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Coast Is Clear: The Navy Steps Up Operations In Key West, Ending Debate About Its Role There Navy To Dredge, Deepen Harbor
Coast Is Clear: The Navy Steps Up Operations In Key West, Ending Debate About Its Role There
by David Villano
September 1, 2003
A decade ago, the Navy base in Key West, once a key player in the Cold War, was in shrink mode. Bits and pieces of the sprawling base were deemed obsolete, and many were transferred to city or county control. In 1995, the Defense Department downgraded the base's status from Naval Air Station to Naval Air Facility, a designation that left many wondering if the Navy's near 200-year history on this tiny island was coming to an end.
They're wondering no more. Earlier this year, Navy officials announced that the "station" designation would return to the base, along with about 300 military personnel shipped out during the 1990s. The redeployment will nearly double the Navy's presence on the island, Navy officials say. The military is spending an estimated $110 million on new barracks, runway expansions, a new flight control tower and other projects.
"This will be a tremendous boost to the economy, not just through Navy spending but also, we hope, in the creation of civilian jobs," says Key West Mayor Jimmy Weekley.
Key West's redesignation is a response to the Navy's new Training Resource Strategy, a year-old counterterrorism plan. Key West's importance also increased following the Navy's decision to vacate Puerto Rico's Vieques island.
Many islanders feared that the base would be among dozens of installations mothballed during the next round of base realignments and closings--known as BRAC--scheduled for 2005. During three previous rounds, the Pentagon chose 97 major U.S. bases for closure and 55 for realignment. Among them: Miami-Dade's Homestead Air Force Base, Jacksonville's Cecil Field Naval Air Station and the Orlando Naval Training Center.
While some analysts expect Florida--home to 21 major military installations--to fare well during the next round, Gov. Jeb Bush is taking no chances. He's assembled an advisory council "dream team" of executives and retired military leaders to help maneuver through the upcoming process.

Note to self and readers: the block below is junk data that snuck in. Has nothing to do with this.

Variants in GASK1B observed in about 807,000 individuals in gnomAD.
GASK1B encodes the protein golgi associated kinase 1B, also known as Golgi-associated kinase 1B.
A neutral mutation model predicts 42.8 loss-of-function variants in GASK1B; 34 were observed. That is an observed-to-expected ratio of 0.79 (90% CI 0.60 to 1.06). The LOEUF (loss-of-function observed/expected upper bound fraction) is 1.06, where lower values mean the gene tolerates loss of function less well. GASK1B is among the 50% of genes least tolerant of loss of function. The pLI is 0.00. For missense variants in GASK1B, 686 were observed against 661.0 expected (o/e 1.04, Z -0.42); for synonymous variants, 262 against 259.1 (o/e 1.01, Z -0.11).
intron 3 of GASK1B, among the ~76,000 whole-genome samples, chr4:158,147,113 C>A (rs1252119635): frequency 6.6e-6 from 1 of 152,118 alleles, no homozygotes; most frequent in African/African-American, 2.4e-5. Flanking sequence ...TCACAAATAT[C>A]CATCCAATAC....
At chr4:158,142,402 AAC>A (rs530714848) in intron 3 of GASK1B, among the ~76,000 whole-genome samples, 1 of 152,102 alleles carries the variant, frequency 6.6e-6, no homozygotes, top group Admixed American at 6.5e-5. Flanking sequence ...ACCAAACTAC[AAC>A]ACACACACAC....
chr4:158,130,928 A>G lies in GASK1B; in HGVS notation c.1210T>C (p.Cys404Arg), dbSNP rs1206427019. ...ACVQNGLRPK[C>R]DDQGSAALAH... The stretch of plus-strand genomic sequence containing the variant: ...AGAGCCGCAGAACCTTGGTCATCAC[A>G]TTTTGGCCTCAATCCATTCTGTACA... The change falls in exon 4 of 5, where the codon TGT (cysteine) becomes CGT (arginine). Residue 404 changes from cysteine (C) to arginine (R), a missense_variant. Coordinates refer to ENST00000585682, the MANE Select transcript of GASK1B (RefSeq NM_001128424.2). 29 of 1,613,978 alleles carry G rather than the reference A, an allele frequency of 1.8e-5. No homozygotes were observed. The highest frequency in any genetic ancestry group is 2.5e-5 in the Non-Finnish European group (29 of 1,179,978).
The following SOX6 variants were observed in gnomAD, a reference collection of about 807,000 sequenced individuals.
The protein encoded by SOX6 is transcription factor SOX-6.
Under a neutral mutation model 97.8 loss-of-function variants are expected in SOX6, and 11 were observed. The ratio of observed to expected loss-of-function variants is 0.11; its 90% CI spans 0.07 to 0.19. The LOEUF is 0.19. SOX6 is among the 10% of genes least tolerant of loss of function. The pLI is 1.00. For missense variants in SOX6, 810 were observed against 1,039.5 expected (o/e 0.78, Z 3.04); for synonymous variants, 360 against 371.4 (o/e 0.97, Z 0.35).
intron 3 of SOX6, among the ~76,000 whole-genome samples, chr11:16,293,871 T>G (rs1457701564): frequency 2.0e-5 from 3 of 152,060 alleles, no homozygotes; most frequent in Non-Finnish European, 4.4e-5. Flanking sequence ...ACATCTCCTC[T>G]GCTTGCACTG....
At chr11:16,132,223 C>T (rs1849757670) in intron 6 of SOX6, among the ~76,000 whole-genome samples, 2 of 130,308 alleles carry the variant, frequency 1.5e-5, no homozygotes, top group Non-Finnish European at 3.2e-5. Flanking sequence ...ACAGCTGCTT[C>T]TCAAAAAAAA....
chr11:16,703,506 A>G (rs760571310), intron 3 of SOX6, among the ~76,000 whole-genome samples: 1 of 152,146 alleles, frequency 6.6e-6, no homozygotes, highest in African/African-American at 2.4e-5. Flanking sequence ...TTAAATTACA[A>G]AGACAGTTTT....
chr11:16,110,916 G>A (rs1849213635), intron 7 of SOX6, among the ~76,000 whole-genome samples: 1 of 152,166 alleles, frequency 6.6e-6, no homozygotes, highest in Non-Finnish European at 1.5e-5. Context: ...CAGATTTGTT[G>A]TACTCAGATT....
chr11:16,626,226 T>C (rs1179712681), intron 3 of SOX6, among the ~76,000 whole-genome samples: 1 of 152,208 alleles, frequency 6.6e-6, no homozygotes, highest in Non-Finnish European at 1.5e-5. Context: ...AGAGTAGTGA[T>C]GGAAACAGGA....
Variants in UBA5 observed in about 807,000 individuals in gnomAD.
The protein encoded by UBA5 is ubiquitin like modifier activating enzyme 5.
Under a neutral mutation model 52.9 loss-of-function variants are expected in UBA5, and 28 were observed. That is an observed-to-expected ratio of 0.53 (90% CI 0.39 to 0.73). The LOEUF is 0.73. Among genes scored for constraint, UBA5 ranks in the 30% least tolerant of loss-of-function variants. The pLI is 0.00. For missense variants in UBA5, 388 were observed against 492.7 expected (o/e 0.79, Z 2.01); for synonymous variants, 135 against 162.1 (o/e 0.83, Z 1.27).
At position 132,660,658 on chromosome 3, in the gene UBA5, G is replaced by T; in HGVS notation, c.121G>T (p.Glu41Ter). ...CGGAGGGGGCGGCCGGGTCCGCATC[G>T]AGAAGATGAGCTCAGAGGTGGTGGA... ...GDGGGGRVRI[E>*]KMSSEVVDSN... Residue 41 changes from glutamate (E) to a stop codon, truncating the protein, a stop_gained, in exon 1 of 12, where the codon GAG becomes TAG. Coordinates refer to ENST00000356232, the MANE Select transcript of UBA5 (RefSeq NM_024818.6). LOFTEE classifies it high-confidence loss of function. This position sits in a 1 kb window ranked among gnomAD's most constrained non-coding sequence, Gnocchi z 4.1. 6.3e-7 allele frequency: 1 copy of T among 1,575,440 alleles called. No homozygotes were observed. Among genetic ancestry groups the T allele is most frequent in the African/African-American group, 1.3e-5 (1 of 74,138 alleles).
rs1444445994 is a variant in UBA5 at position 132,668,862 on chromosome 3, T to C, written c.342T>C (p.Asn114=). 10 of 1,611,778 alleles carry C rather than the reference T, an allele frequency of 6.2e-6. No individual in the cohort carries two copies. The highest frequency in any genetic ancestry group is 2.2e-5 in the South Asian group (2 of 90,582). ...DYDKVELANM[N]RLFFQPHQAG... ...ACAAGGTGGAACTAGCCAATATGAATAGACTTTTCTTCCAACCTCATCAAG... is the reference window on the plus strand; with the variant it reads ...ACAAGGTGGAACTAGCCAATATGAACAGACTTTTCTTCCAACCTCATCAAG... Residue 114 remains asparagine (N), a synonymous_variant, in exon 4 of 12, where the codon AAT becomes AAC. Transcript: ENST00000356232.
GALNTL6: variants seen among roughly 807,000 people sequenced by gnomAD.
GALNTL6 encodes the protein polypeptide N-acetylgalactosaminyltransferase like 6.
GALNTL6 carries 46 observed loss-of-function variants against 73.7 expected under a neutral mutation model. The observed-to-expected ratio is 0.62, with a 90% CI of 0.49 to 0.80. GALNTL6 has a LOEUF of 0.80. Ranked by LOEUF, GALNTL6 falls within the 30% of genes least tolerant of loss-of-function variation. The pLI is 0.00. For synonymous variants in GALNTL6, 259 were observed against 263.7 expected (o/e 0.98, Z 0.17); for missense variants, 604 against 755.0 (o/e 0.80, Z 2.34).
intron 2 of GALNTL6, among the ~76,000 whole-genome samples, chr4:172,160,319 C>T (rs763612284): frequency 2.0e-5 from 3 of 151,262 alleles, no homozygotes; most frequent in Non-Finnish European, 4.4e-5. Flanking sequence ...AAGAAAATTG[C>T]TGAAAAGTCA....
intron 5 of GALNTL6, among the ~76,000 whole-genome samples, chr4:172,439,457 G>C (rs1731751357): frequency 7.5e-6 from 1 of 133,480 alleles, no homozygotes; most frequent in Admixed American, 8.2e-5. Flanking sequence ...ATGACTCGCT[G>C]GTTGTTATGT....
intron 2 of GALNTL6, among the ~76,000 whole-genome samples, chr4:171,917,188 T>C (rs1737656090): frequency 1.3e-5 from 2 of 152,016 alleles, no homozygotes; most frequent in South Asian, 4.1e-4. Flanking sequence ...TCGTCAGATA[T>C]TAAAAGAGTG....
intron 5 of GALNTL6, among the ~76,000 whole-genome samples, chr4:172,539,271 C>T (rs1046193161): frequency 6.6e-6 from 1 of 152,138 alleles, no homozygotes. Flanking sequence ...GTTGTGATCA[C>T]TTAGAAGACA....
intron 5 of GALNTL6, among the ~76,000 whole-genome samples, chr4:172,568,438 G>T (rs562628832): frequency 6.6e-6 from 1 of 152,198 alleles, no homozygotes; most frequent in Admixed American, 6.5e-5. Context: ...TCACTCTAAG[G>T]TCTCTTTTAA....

The state has also spent $15 million since 1999 to upgrade defense infrastructure and is emerging as a hub for joint military command and control. U.S. Central Command--which oversees the Iraq war and other Middle East activities--is based at MacDill Air Force Base in Tampa; in 1997, the U.S. Southern Command, which directs all military activities in Central and South America and the Caribbean, moved from Panama to Miami.
Navy To Dredge, Deepen Harbor
Silt in Key West Harbor will be hauled away to allow additional Navy vessels to fit through the city's channel.
By CARA BUCKLEY
October 1, 2003
KEY WEST - For the first time in 40 years, the Navy plans to dredge Key West's harbor and remove the equivalent of 42,000 dumpster truckloads of silt, which is kicked up in plumes whenever a cruise ship comes in.
The $36 million project is slated to begin by December and last 18 months, Capt. Jim Scholl said Tuesday at a meeting of the Large Ship Working Group, a subgroup of the Florida Keys National Marine Sanctuary Advisory Council.
The roughly 850,000 cubic yards of silt will be divided up and hauled to two locations: sand and rock will be deposited 13 miles at sea, and sludge will be shipped to a Navy site on Fleming Key, an island that itself was created by dredge spoils.
The Navy wants to restore the harbor's depth to 34 feet so its destroyers and cruisers can fit through the city's channel, and expects that the deepened harbor will draw an additional five or six Navy vessels a year.
Demand for access to Key West has increased because the Navy's Atlantic Fleet is moving its training exercises from Vieques, Puerto Rico, to bases along the Eastern seaboard and Gulf of Mexico. More training sites are also needed because of the war with Iraq, Scholl said.
''We need a larger playground, and Key West is in fairly good strategic location,'' Scholl said.
Earlier plans to ship the loose sediment out by a massive pipe were deemed too expensive and abandoned.
Bob Nelson, a spokesman with the Navy's southeast region, said the dumping site in the ocean was approved by the Environmental Protection Agency, and that the dried out silt on Fleming Key will be used as fill.
Despite the projected increase in harbor activity, the Florida Keys National Marine Sanctuary welcomes the project because it will mean clearer waters, according to agency spokeswoman Cheva Heck.
''The tradeoff is it's going to dredge the harbor, and in terms of Navy ships, it's not such a big deal,'' Heck said.
Silt particles suspended in the Keys' waters madden fishermen and vex divers, and immense clouds of loose bottom sediment are churned up when cruise ships pull into Key West, Heck said.
The Navy says the dredging will remove much of the loose sediment.